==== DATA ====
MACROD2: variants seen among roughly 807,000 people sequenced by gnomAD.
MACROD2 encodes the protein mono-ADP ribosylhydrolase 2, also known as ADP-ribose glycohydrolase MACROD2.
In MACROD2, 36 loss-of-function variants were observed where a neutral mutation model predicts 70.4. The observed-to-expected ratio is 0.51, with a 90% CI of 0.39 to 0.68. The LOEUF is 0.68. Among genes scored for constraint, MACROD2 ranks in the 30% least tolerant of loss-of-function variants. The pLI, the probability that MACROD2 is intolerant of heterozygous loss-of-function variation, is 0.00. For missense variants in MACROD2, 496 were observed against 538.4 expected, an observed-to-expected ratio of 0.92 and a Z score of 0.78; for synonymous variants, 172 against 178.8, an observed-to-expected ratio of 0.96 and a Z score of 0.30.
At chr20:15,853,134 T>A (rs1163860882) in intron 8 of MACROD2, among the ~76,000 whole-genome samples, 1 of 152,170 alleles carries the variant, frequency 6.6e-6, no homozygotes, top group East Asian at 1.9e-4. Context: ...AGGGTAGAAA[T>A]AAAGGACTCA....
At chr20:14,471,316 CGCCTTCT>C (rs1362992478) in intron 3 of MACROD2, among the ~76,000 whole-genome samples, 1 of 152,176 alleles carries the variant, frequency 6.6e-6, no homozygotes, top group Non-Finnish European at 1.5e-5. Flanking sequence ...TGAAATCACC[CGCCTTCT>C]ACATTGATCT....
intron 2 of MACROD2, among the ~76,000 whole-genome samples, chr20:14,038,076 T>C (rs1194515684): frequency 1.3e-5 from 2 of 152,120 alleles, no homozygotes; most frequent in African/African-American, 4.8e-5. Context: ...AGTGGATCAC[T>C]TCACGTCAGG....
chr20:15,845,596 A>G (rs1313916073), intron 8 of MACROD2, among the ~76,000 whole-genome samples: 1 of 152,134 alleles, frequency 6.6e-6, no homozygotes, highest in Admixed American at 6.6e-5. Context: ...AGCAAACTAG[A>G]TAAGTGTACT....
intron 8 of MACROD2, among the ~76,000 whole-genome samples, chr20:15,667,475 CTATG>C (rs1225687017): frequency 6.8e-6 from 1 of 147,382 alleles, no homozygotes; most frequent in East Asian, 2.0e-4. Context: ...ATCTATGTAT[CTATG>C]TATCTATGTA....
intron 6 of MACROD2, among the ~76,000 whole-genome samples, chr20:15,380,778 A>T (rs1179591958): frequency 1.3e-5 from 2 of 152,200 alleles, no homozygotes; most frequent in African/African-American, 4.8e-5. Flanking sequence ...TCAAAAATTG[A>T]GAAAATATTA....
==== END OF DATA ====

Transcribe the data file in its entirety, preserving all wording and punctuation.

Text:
MACROD2: variants seen among roughly 807,000 people sequenced by gnomAD.
MACROD2 encodes the protein mono-ADP ribosylhydrolase 2, also known as ADP-ribose glycohydrolase MACROD2.
In MACROD2, 36 loss-of-function variants were observed where a neutral mutation model predicts 70.4. The observed-to-expected ratio is 0.51, with a 90% CI of 0.39 to 0.68. The LOEUF is 0.68. Among genes scored for constraint, MACROD2 ranks in the 30% least tolerant of loss-of-function variants. The pLI, the probability that MACROD2 is intolerant of heterozygous loss-of-function variation, is 0.00. For missense variants in MACROD2, 496 were observed against 538.4 expected, an observed-to-expected ratio of 0.92 and a Z score of 0.78; for synonymous variants, 172 against 178.8, an observed-to-expected ratio of 0.96 and a Z score of 0.30.
At chr20:15,853,134 T>A (rs1163860882) in intron 8 of MACROD2, among the ~76,000 whole-genome samples, 1 of 152,170 alleles carries the variant, frequency 6.6e-6, no homozygotes, top group East Asian at 1.9e-4. Context: ...AGGGTAGAAA[T>A]AAAGGACTCA....
At chr20:14,471,316 CGCCTTCT>C (rs1362992478) in intron 3 of MACROD2, among the ~76,000 whole-genome samples, 1 of 152,176 alleles carries the variant, frequency 6.6e-6, no homozygotes, top group Non-Finnish European at 1.5e-5. Flanking sequence ...TGAAATCACC[CGCCTTCT>C]ACATTGATCT....
intron 2 of MACROD2, among the ~76,000 whole-genome samples, chr20:14,038,076 T>C (rs1194515684): frequency 1.3e-5 from 2 of 152,120 alleles, no homozygotes; most frequent in African/African-American, 4.8e-5. Context: ...AGTGGATCAC[T>C]TCACGTCAGG....
chr20:15,845,596 A>G (rs1313916073), intron 8 of MACROD2, among the ~76,000 whole-genome samples: 1 of 152,134 alleles, frequency 6.6e-6, no homozygotes, highest in Admixed American at 6.6e-5. Context: ...AGCAAACTAG[A>G]TAAGTGTACT....
intron 8 of MACROD2, among the ~76,000 whole-genome samples, chr20:15,667,475 CTATG>C (rs1225687017): frequency 6.8e-6 from 1 of 147,382 alleles, no homozygotes; most frequent in East Asian, 2.0e-4. Context: ...ATCTATGTAT[CTATG>C]TATCTATGTA....
intron 6 of MACROD2, among the ~76,000 whole-genome samples, chr20:15,380,778 A>T (rs1179591958): frequency 1.3e-5 from 2 of 152,200 alleles, no homozygotes; most frequent in African/African-American, 4.8e-5. Flanking sequence ...TCAAAAATTG[A>T]GAAAATATTA....